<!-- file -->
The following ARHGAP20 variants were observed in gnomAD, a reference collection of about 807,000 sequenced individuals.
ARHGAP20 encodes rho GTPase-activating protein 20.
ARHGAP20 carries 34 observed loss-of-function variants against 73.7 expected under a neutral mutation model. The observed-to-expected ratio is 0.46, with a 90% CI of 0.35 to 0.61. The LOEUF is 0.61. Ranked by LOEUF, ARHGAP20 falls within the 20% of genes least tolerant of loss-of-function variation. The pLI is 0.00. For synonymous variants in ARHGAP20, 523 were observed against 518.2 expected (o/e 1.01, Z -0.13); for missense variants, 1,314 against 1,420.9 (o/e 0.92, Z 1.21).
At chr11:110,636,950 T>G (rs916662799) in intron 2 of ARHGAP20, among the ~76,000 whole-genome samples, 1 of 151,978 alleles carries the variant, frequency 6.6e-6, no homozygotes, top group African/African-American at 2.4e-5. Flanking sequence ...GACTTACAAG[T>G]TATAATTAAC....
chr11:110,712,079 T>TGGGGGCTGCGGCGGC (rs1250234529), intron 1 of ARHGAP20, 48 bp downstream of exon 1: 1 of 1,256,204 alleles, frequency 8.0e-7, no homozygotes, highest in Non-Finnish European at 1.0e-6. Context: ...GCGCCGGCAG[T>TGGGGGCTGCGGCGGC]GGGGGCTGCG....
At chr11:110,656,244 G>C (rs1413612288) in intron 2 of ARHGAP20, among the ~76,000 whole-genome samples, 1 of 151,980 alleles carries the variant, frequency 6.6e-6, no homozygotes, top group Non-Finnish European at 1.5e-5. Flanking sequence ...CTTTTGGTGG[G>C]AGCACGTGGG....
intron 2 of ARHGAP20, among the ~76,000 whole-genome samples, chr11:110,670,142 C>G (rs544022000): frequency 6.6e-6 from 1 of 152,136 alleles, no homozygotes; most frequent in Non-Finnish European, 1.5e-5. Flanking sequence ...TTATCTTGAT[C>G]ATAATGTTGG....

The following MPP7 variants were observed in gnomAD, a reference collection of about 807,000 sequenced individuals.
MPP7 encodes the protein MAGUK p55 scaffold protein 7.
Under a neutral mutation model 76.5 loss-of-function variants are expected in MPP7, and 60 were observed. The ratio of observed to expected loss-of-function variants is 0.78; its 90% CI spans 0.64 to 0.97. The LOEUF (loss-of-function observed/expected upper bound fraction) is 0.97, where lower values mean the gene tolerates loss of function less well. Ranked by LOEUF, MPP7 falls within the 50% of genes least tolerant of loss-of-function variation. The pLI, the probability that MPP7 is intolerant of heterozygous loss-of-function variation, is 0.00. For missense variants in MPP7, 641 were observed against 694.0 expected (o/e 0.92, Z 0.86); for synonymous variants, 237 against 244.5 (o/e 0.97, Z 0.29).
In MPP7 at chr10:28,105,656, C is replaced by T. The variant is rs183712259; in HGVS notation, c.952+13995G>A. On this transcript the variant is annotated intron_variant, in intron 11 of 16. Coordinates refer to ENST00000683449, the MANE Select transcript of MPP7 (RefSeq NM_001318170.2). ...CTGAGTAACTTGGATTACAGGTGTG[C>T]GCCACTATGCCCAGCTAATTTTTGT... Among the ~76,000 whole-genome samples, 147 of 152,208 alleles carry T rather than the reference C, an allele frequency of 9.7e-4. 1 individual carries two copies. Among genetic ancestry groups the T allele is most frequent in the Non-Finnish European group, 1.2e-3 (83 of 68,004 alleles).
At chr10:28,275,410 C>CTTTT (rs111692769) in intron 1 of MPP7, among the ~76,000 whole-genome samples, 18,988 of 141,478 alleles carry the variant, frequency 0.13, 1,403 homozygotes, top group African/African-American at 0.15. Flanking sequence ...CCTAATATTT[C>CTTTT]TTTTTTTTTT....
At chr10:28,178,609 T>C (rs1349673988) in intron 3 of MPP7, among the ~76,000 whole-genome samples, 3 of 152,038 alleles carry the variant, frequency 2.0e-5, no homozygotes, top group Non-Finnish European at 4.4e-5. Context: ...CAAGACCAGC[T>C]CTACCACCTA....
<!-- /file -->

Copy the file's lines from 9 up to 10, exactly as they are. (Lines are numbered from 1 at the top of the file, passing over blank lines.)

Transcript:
MPP7 encodes the protein MAGUK p55 scaffold protein 7.
Under a neutral mutation model 76.5 loss-of-function variants are expected in MPP7, and 60 were observed. The ratio of observed to expected loss-of-function variants is 0.78; its 90% CI spans 0.64 to 0.97. The LOEUF (loss-of-function observed/expected upper bound fraction) is 0.97, where lower values mean the gene tolerates loss of function less well. Ranked by LOEUF, MPP7 falls within the 50% of genes least tolerant of loss-of-function variation. The pLI, the probability that MPP7 is intolerant of heterozygous loss-of-function variation, is 0.00. For missense variants in MPP7, 641 were observed against 694.0 expected (o/e 0.92, Z 0.86); for synonymous variants, 237 against 244.5 (o/e 0.97, Z 0.29).